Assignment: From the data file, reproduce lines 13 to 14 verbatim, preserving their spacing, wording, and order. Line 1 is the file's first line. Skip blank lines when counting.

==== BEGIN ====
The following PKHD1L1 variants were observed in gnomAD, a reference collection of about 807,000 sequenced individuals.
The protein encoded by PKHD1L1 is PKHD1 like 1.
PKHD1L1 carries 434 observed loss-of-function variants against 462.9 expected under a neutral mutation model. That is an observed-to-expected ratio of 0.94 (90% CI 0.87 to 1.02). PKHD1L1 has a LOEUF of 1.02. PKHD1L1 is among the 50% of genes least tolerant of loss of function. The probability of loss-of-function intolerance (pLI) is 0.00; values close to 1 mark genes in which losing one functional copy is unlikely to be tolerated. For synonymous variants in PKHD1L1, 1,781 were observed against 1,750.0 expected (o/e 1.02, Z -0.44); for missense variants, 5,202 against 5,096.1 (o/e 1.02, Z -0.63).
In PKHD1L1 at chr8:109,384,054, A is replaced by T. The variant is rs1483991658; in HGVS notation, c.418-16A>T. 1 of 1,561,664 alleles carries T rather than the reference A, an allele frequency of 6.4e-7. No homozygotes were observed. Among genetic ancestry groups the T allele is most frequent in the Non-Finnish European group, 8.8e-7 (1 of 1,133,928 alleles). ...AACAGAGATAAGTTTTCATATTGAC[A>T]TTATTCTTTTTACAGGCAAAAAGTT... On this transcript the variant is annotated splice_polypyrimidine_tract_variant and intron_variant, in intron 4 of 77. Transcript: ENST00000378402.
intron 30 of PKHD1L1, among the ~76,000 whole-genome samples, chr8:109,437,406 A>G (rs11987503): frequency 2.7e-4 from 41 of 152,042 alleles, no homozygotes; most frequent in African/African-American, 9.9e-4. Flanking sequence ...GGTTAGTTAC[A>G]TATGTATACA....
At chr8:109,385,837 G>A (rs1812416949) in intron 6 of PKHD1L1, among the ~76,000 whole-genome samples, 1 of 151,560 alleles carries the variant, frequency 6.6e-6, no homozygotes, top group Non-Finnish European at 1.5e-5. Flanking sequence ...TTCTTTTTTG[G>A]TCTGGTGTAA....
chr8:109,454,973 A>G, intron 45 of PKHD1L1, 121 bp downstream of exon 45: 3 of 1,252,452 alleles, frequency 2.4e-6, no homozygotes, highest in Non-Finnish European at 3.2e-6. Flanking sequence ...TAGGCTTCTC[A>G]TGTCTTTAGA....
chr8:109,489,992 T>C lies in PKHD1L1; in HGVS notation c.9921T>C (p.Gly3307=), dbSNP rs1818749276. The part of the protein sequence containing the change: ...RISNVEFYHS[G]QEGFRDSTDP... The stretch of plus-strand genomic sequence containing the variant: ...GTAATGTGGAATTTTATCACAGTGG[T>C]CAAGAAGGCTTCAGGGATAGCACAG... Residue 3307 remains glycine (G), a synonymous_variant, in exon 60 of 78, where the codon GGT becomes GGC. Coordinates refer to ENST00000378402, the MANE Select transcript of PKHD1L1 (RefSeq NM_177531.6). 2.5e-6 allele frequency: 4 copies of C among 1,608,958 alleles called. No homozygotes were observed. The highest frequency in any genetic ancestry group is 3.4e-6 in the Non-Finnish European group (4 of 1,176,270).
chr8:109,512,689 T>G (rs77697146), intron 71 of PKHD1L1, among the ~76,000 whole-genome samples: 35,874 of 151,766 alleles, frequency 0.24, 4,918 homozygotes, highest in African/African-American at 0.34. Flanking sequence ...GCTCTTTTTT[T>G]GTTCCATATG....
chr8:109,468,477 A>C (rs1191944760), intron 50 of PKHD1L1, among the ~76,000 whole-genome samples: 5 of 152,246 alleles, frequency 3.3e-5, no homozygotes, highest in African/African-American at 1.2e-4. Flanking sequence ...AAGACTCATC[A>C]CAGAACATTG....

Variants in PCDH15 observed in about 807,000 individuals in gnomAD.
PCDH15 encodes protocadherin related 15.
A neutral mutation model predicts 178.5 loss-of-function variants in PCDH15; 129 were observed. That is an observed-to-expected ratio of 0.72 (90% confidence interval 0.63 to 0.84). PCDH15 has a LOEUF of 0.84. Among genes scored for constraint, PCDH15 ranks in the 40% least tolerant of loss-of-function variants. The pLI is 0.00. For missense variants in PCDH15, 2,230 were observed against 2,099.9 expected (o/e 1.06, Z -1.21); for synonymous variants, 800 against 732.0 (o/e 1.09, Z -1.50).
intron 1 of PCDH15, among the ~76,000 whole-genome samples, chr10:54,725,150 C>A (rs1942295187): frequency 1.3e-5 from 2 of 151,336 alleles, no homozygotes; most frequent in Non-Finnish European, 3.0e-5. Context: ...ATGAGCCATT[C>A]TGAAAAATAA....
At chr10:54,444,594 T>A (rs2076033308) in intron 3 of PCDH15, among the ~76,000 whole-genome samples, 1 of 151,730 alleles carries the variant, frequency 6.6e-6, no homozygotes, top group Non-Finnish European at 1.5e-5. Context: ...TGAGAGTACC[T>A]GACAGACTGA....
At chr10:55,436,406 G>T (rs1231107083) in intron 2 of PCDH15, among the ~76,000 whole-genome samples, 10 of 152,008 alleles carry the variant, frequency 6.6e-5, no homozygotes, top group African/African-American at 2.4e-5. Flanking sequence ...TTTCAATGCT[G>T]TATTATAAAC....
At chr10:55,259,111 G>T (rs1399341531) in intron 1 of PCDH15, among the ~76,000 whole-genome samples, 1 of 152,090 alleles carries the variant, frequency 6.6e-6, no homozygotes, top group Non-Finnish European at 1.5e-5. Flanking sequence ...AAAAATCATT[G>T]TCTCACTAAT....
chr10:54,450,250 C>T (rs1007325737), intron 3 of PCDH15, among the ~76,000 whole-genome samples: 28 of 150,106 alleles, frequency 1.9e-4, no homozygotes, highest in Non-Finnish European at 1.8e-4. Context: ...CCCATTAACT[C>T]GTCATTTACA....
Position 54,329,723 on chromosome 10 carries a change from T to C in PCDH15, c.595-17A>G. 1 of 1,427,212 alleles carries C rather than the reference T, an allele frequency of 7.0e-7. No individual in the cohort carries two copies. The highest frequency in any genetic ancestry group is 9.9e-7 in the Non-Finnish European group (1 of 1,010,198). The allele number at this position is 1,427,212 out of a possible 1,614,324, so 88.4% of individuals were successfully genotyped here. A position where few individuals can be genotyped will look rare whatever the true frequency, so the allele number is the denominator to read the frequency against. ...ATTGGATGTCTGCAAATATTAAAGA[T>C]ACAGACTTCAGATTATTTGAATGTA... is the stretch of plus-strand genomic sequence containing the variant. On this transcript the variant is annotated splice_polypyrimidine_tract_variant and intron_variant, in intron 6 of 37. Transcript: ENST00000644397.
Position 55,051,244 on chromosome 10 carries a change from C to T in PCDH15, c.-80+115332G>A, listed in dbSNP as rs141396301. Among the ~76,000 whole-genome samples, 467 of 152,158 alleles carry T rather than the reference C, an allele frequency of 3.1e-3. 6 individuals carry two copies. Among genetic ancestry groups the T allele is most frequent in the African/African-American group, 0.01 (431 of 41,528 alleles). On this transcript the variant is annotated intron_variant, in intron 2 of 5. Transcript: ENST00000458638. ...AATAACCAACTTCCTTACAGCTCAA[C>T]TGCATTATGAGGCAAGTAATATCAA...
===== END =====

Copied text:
A neutral mutation model predicts 178.5 loss-of-function variants in PCDH15; 129 were observed. That is an observed-to-expected ratio of 0.72 (90% confidence interval 0.63 to 0.84). PCDH15 has a LOEUF of 0.84. Among genes scored for constraint, PCDH15 ranks in the 40% least tolerant of loss-of-function variants. The pLI is 0.00. For missense variants in PCDH15, 2,230 were observed against 2,099.9 expected (o/e 1.06, Z -1.21); for synonymous variants, 800 against 732.0 (o/e 1.09, Z -1.50).
intron 1 of PCDH15, among the ~76,000 whole-genome samples, chr10:54,725,150 C>A (rs1942295187): frequency 1.3e-5 from 2 of 151,336 alleles, no homozygotes; most frequent in Non-Finnish European, 3.0e-5. Context: ...ATGAGCCATT[C>A]TGAAAAATAA....